Online delivery means the groups of around 20 can include practitioners from all over the country, which encourages more open conversations. “When you bring practitioners together for local training, people are often reluctant to talk to each other. Managers don’t want their competing practitioners in a room together,” says Challender, who also has experience managing her own early years setting. “Online, someone from Newcastle can sit in a room with someone in Devon, doing the same piece of learning and they are having this really rich dialogue with each other.”

The most challenging content is delivered at the end of the course, once strong relationships have been built. “By this time they have built trust within their group so they feel more able to be honest and transparent about some of the challenges they are facing,” says Challender.


Practitioners have highlighted the positive effect the programme has had on their confidence. “One practitioner had just done the first of the maths units and the week after they had Ofsted in their setting,” says Payne. “Ofsted were feeding back how impressed they were by the practice they were seeing, because this practitioner was so much better able to articulate why she was taking a particular approach with maths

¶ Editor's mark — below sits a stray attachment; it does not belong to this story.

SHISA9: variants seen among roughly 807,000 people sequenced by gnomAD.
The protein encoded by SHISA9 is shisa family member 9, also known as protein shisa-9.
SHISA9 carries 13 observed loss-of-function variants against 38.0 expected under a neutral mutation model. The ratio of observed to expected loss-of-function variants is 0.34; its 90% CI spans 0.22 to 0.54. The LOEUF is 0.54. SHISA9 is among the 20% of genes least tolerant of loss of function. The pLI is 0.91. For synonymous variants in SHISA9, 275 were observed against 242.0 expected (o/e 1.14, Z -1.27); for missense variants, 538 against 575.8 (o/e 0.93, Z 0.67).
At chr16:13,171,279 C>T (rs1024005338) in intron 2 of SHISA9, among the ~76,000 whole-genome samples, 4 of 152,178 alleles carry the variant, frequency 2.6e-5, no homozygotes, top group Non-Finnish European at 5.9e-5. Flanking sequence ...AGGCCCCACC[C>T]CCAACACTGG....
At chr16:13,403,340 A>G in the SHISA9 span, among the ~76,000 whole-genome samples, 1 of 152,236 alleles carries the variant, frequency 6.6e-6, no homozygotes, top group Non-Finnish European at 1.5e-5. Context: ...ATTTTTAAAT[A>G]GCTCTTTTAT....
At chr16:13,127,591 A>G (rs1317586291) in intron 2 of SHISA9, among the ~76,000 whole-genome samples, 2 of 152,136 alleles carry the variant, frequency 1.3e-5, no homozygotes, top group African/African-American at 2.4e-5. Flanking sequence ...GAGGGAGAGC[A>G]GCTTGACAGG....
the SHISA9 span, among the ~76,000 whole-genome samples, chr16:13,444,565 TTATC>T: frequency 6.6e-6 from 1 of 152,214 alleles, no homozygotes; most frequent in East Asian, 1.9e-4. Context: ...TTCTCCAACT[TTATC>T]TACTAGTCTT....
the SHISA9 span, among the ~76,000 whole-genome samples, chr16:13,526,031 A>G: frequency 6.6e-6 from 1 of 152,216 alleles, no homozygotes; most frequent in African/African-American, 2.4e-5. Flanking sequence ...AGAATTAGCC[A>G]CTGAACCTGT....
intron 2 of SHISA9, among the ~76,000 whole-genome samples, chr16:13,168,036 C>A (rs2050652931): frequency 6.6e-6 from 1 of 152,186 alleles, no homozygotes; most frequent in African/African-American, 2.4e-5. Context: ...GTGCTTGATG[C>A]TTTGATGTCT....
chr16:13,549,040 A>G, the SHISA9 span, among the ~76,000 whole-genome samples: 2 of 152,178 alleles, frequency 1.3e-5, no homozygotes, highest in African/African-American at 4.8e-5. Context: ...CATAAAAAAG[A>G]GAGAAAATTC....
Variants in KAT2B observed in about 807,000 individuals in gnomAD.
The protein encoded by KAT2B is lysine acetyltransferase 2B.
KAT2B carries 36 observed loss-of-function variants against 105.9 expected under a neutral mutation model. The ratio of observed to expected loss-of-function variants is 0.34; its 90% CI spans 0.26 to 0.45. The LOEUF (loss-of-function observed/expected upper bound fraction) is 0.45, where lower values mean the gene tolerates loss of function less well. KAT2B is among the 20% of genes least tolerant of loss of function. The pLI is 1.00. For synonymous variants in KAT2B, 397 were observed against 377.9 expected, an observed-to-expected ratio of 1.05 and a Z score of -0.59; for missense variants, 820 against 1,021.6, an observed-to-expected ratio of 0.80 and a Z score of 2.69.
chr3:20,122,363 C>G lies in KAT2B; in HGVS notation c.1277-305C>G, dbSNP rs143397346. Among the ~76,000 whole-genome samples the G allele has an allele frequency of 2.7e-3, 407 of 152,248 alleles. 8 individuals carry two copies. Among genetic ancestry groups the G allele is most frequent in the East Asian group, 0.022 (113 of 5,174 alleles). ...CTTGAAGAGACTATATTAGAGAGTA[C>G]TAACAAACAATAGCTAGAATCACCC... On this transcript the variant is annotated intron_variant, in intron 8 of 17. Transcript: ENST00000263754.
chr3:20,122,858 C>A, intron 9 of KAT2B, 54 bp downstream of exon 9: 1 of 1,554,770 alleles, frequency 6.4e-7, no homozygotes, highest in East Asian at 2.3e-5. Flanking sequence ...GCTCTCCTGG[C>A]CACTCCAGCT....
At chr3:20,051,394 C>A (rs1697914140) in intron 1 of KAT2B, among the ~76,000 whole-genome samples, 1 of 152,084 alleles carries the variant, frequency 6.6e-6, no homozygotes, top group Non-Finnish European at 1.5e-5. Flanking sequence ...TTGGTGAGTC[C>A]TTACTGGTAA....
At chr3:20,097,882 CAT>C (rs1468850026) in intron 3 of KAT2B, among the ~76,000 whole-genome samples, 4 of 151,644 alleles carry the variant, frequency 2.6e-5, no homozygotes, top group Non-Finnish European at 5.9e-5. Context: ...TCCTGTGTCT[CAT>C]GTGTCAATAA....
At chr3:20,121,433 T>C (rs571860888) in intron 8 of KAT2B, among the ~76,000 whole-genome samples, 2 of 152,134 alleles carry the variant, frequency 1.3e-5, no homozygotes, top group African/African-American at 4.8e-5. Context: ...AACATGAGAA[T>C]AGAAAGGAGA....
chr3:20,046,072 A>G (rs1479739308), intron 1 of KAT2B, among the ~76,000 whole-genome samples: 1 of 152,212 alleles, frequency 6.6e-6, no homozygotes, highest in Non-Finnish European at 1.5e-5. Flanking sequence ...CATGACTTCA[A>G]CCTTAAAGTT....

Case study: Wendy Johnson

Wendy Johnson, manager of Trinity Playcentre in Dagenham, has completed the communication and language and early mathematics EYPDP modules, and is preparing for the PSED training. “It focuses my practice on what we could do better; there were lots of things we could do differently simply by tweaking our current practice,” she says.

She feels more empowered to put her ideas into practice. Johnson likes the way she can complete the e-learning modules at her own pace, and revisit topics where necessary. “I also love the webinars, you have practitioners from all corners of England, all doing things slightly differently but all having the same agenda, which is to impact the life of the little people we look after,” she says.

The training has had an immediate effect on the nursery’s provision. “Every time I do the webinars or the e-learning, anything that catches my eye that we’re not doing in the way I have read, I adapt it and bring it in immediately. I have put a lot of what I’ve learned in my action plan for September onwards.”